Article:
I would absolutely love to be able to just deploy dgVoodoo en masse with my patch, and have it work reliably for everyone.
Sadly, it doesn't look like we're there quite yet.
Running natively has its own issues - but at least it can be counted on to work reliably, each time, every time.
At least, that's the case in Windows - remember, my patch is officially unsupported on Linux. I have put some information about running on Linux in the patch readme - but it's unofficial, and no support for it can be expected (nor will be given).
But enough about that for now.
The reason I'm here is to report 2 crippling bugs (?) which appear to be in (or at least, caused by) dgVoodoo when running Drakan.
The first bug happens when using large textures while FastVideoMemoryAccess is enabled:
I ran into this problem by sheer coincidence, when I was screwing around in the Drakan Level Editor.
I put some huge 2048x2048x32bpp textures on the landscape, to see what the practical limits are, performance-wise (quite relevant for the map I'm working on).
Those textures showed up perfectly fine in the 3D View window (which also uses dgVoodoo, but with FastVideoMemoryAccess disabled) - however, in-game, these textures appeared as black squares instead.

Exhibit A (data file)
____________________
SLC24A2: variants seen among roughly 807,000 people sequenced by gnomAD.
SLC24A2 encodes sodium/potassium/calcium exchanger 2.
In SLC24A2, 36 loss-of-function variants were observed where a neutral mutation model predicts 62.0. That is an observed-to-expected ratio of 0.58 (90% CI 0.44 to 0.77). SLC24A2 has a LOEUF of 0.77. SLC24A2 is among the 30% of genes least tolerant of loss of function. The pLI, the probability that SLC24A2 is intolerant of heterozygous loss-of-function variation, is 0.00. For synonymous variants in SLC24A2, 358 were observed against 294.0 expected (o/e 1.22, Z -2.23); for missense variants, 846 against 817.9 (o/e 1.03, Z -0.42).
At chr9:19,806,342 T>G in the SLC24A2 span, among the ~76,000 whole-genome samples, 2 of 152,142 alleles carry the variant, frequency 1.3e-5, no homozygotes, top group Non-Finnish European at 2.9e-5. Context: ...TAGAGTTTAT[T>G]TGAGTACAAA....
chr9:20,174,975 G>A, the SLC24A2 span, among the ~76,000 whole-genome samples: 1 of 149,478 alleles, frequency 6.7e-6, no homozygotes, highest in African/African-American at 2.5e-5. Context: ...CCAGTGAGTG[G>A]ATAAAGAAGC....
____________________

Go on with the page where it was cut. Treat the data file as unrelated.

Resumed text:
Disabling FastVideoMemoryAccess made those textures work properly.
They also work fine when running natively.
The 2nd bug occurs when using dgVoodoo with VRAM setting >128MB (don't remember if FastVideoMemoryAccess was enabled or not, unfortunately).
This works fine in-game when loading maps which don't use too many textures; but on texture-heavy maps (eg. Islands) some of the textures don't show up at all, and the affected terrain polys are completely transparent, as if lacking textures entirely.
It's effectively random which textures are affected; quitting the game and reloading the same map causes different textures to be missing.
Setting VRAM to 128MB or less "fixes" that problem - but it doesn't seem like much of a "fix" to me, more like a "cheap hack" at best.
Running natively, there's no such problem, even with 4GB of VRAM.
There's also a 3rd bug, which has nothing to do with the game itself - but it's quite rare and random; more-or-less impossible to reproduce.
Sometimes, dgVoodoo appears to be loading its settings from some unexpected location - despite there being a valid dgVoodoo.conf file next to the game .exe, it loads the default settings which includes the presence of the watermark.
I've experienced that issue myself at least once, as well as also saw another user experience it.
Sadly, I don't remember how we got out of that mess - highly likely it involved a reboot, though.
Finally... the dreaded "Lens Flare Effects" in Drakan.
It's such a mess, I've pretty much given up on them entirely at this point.
At one point, I wanted to use the LFEs to put a "sun" object in the sky of one of the maps - but I've long since abandoned that idea, since I hate the prospect of making a map feature dependent on a highly fickle and randomly broken graphical feature.